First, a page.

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  • Michael Krakovskiy 2:34 am on March 18, 2009 Permalink | Reply
    Tags: 23andMe, AIDS, alpha, Anne Wojcicki, , , Bloom's syndrome, bone marrow transplant, cancer-causing chemicals, Classical genetics, co-founder, coughing, denied insurance, disease, diseases, DNA, e-ink, , , emacs editor, , genomics, genotype, , Haplogroup, Hemochromatosis, HIV, Human evolution, infection, , intercontinental travel, John Connor, , Lung Cancer, Lupus, Moyshe, , Parkinson's, Personal genomics, Population genetics, preservative solution, , , rare diseases, Sergey Brin, show Ankylosing spondylitis, Single-nucleotide polymorphism, SNP, strain,   

    A review of personal genomics profile from 23andme 

    What do I buy: a cleaning robot, an e-ink powered ebook, or a personal genetic test from 23andme.com? This is one of those terrible trilemmas facing geeks who are not willing to sacrifice financial stability for having all the coolest gadgets. I chose a 23andme test, and haven’t regretted it.

    The factoid that always is mentioned in the press about 23andme is that its co-founder Anne Wojcicki is married to Google co-founder Sergey Brin. This of course means that the data that 23andme is collecting is going to be used to help Google’s Skynet to gain the upper hand in the forthcoming war.

    23andme’s service works like this: you give them some money (at the time when I write this the price is $399, but it used to be over $800), they send you a test tube into which you spit, some special preservative solution, and a return envelope. You follow some simple instructions and send your spit to a processing facility. Then you wait (this is the hard part). In a month or so (it depends how long the backlog of orders is) you recieve an email telling you that you can log into 23andme.com and take a look at the results.

    The processing that they do in the lab creates a data file that represents an impressive number of genetic data points called SNPs or single-nucleotide polymorphisms. The way I understand it, SNPs are known variations that happen in DNA sequences. Much of the DNA stays the same for all people, but there are some variations in a single location. Let’s say there’s a string of DNA in humans that goes

    G-A-T-T-A-C-A
    C-T-A-A-T-G-T

    and 6 positions there are the same for everyone, except the seventh, which is sometimes AT and sometimes GC. So basically it’s a single position on the one of the 23 chromosomes or mitochondrial DNA (I guess 23andmitochondriaandme was shot down as a possible name for the company) that statistically is different from person to person as opposed to long stretches of DNA that stay the same.

    Scientists all over the world are studying the correlations that SNPs have with disease risks and traits. I guess these studies go something like this: you grab 500 programmers that use emacs editor and 500 that use vi. You have a hunch that editor preference is related to gene C4711. You sequence the dna of all your coders looking for SNPs in the gene C4711 that are one way in your vi-using alphas and another way in emacs-using sub-omegaloids. Then you find that in most of vi users SNP rs1729 is AA. Then you come out and say – AA in s1729 increases the odds of a programmer preferring vi by 47%.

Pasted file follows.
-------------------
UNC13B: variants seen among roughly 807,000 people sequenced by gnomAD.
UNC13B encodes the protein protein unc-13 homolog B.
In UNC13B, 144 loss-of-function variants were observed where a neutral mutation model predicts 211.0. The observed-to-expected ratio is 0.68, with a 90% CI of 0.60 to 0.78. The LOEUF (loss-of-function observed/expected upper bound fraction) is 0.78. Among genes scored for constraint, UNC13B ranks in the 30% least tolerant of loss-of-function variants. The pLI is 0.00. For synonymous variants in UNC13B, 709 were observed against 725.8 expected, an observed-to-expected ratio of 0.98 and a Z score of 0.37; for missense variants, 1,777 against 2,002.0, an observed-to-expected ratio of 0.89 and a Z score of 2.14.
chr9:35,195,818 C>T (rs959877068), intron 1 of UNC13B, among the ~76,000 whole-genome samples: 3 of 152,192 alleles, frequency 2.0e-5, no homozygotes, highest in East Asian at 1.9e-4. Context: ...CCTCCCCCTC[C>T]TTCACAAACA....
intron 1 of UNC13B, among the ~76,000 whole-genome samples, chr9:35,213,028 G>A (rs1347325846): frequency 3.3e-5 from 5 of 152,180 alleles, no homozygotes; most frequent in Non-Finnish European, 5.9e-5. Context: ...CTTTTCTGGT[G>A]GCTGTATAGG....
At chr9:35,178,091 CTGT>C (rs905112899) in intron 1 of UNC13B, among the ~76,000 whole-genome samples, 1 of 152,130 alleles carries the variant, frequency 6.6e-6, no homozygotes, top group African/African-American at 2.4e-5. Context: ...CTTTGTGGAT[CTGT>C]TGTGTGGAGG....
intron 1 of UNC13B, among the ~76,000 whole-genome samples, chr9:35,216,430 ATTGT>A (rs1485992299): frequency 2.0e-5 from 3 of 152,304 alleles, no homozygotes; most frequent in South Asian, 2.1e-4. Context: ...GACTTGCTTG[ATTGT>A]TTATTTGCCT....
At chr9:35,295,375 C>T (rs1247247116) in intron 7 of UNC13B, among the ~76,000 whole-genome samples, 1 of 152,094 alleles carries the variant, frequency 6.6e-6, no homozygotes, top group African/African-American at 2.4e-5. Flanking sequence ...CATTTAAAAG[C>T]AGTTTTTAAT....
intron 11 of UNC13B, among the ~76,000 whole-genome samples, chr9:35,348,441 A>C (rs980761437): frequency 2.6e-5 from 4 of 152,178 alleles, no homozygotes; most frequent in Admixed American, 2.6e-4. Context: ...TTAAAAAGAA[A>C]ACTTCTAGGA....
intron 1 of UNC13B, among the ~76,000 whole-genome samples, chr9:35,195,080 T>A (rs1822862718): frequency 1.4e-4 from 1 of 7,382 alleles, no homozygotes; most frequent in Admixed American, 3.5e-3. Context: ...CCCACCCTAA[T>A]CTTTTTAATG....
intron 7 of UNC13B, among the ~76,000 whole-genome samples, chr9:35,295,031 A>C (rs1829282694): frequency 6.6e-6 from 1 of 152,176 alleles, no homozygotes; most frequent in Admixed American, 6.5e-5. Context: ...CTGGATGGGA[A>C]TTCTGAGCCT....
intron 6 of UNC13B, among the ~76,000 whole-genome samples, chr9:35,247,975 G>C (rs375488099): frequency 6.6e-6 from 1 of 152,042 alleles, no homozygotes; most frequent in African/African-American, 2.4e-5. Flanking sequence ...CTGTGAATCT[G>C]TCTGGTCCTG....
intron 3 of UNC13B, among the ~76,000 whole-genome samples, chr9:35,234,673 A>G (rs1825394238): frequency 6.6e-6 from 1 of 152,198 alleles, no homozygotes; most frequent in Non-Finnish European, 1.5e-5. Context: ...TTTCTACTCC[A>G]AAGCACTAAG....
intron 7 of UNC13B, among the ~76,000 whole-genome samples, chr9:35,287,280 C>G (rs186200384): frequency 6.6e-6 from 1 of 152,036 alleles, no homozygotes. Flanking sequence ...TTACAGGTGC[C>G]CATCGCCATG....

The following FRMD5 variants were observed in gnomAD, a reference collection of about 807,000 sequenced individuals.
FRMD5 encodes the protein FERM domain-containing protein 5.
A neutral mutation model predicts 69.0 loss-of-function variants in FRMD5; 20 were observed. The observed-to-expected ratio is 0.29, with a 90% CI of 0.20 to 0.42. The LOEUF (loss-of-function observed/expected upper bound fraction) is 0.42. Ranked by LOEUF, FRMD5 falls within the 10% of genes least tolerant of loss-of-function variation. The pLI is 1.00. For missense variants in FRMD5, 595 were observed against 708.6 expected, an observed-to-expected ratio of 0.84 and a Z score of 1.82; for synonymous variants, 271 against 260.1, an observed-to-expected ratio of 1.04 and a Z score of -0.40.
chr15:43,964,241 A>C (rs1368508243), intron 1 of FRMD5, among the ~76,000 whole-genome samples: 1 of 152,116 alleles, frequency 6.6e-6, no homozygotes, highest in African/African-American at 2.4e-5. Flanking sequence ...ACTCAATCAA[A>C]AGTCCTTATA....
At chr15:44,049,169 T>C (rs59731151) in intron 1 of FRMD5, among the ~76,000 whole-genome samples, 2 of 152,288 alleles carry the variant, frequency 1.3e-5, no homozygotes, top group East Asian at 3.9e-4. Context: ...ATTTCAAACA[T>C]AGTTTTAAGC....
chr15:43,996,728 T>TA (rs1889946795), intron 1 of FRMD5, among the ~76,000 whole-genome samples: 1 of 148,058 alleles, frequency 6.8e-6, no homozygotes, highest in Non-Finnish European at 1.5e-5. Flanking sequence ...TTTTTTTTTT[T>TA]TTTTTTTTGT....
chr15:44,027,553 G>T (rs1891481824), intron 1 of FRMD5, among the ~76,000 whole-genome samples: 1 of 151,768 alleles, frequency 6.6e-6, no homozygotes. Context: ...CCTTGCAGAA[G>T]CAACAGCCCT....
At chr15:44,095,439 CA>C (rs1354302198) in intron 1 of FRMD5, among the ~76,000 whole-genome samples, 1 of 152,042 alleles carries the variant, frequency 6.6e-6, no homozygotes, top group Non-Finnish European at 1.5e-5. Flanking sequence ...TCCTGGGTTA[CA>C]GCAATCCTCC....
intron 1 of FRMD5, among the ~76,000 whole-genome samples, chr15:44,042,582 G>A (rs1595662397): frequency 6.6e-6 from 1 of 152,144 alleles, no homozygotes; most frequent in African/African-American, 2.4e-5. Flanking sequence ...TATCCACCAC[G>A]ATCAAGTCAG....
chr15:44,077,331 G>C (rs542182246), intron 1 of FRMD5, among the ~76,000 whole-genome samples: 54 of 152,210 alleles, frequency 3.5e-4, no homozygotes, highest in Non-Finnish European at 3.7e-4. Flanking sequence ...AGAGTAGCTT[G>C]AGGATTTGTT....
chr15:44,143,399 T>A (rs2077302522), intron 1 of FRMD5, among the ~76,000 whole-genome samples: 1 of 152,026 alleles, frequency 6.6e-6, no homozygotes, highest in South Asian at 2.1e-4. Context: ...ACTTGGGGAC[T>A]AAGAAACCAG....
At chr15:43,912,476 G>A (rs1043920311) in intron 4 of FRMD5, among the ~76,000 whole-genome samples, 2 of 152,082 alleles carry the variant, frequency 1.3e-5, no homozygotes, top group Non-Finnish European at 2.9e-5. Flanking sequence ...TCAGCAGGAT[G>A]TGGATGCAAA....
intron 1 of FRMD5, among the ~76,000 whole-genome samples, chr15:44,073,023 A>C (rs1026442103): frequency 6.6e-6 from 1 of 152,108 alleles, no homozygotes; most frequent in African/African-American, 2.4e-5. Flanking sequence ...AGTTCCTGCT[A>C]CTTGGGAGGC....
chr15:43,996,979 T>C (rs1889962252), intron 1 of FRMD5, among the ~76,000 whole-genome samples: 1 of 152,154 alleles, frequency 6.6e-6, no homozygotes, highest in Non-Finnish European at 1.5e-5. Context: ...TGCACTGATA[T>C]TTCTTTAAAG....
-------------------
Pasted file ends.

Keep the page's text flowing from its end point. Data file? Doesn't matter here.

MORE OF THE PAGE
The more people that a study has – the better the results. 23andme has genetics experts on staff that sift through mountains of these studies, rank them, and then tell the website people to add results to the interface. This way you can go to 23andme.com and see (as of right now) that tell you right away what your lifetime chances of getting 10 diseases. Some, like Parkinson’s, they don’t let you see without you agreeing to see it yourself. Sergey Brin was reported in the media to get some bad news from that particular one (mine came back “Typical Risk” which means that my chance of getting Parkinson’s is about 1.6%, same as everybody else).

    A lot of people that I talked to about genetic testing told me that they’d “rather not know”. It’s true that some of the things that you might learn will make you worry without being able to do anything about it. On the other hand, there are some that you might be able to do something about.

    “24.1 out of 100 people of European ethnicity who share this genotype will get Prostate Cancer between the ages of 35 and 79” vs “17.8 out of 100” on average. Here I learned that I have about 1 in 4 chance of getting prostate cancer. Prostate cancer is one of the relatively treatable ones if caught early, but with unpleasant diagnostic procedures. All of a sound “digital exam” does not sound so bad, and I guess I’ll have to bend over and cough a lot more often than I otherwise would. I’m not sure what coughing does, but the “digital” part has nothing to do with electronics or numbers.

    There are also 10 traits that are available right now. The most interesting one for me was “Resistant to infection by the most common strain of HIV people usually encounter, though protection is not complete”. I apparently have two copies of something called “Delta32 version of CCR5”. “Although people with two copies of Delta32 are highly resistant to the most common type of HIV, they can be vulnerable to strains of the virus that do not use CCR5 to enter immune cells”.